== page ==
Trusts are an essential component of most Colorado estate plans. However, despite their importance, many individuals do not understand the basics of a trust, including their key concepts and terms. While trusts can sometimes be complicated, the following post breaks down the essential aspects and terms associated with a Colorado trust.
What is a Trust and Who is Involved in the Process?
A trust is a legal agreement involving at least three parties, where one party holds and distributes assets on behalf of another. The terms of the trust – which all parties must abide by – are included in a legal document called the trust agreement.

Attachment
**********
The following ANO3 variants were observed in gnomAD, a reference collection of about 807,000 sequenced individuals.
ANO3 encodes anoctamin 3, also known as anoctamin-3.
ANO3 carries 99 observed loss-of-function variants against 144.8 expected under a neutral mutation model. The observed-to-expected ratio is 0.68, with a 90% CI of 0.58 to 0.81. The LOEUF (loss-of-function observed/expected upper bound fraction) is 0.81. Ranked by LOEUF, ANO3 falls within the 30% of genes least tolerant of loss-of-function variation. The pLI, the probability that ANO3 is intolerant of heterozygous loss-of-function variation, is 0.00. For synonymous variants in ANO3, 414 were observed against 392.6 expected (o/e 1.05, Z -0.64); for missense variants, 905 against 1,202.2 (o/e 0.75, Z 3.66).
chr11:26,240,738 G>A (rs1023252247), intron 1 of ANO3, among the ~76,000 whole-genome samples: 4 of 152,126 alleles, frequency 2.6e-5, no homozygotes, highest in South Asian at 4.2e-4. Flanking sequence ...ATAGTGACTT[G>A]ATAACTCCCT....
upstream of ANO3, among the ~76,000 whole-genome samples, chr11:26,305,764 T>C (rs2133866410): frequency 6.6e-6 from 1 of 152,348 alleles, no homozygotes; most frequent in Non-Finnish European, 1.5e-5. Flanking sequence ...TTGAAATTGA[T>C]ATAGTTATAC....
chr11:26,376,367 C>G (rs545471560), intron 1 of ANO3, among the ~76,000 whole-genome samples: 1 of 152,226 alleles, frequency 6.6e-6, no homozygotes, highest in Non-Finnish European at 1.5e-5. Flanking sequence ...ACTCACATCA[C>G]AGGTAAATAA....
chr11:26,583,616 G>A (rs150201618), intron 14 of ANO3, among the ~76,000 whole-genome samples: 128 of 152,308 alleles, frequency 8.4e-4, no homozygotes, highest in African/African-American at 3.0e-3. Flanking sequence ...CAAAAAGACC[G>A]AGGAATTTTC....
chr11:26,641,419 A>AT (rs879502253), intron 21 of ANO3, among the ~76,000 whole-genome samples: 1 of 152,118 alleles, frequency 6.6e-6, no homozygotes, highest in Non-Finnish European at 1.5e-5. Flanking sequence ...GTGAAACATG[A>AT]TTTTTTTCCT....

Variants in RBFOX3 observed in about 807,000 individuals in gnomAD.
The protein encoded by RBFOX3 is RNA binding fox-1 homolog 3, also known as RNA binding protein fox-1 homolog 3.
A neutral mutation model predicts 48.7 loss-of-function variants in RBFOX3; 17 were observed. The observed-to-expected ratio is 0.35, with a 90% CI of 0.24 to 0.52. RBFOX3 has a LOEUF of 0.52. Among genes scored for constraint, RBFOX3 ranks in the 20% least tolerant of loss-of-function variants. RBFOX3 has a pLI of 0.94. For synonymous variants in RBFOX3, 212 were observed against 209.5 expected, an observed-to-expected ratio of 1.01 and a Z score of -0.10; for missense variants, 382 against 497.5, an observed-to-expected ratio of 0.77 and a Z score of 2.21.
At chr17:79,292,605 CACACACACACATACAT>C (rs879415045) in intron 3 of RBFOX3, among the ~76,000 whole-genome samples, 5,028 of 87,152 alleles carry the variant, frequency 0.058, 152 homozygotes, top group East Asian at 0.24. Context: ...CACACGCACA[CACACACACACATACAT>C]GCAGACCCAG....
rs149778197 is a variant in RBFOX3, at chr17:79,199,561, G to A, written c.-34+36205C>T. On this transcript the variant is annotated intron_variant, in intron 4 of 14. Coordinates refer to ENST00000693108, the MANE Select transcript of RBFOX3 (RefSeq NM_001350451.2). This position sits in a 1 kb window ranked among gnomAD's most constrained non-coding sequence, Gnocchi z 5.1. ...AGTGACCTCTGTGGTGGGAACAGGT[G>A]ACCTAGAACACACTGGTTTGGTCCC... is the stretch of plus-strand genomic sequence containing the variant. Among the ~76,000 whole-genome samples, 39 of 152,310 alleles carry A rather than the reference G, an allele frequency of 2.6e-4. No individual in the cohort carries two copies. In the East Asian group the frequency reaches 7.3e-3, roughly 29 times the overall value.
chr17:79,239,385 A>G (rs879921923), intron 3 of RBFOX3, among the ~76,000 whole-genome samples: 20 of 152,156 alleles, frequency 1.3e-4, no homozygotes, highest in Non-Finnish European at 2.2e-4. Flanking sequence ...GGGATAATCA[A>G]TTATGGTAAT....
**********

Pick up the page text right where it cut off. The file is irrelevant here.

As mentioned previously, there are three parties involved in a trust agreement. The first party is called a trustor, who creates the trust and is giving away, or transferring, the assets. The second party is called the trustee, who manages the trust and its assets. The trustee is legally obligated to manage the trust in the best interest of those receiving the assets and also consistent with the terms of the trust agreement. The third party is called the beneficiary, who will receive the assets in the trust. They are called the beneficiary because they benefit from the trust. It is important to note that the same person can be in more than one of these roles, even at the same time. For example, often, the same individual will be the trustor and the trustee.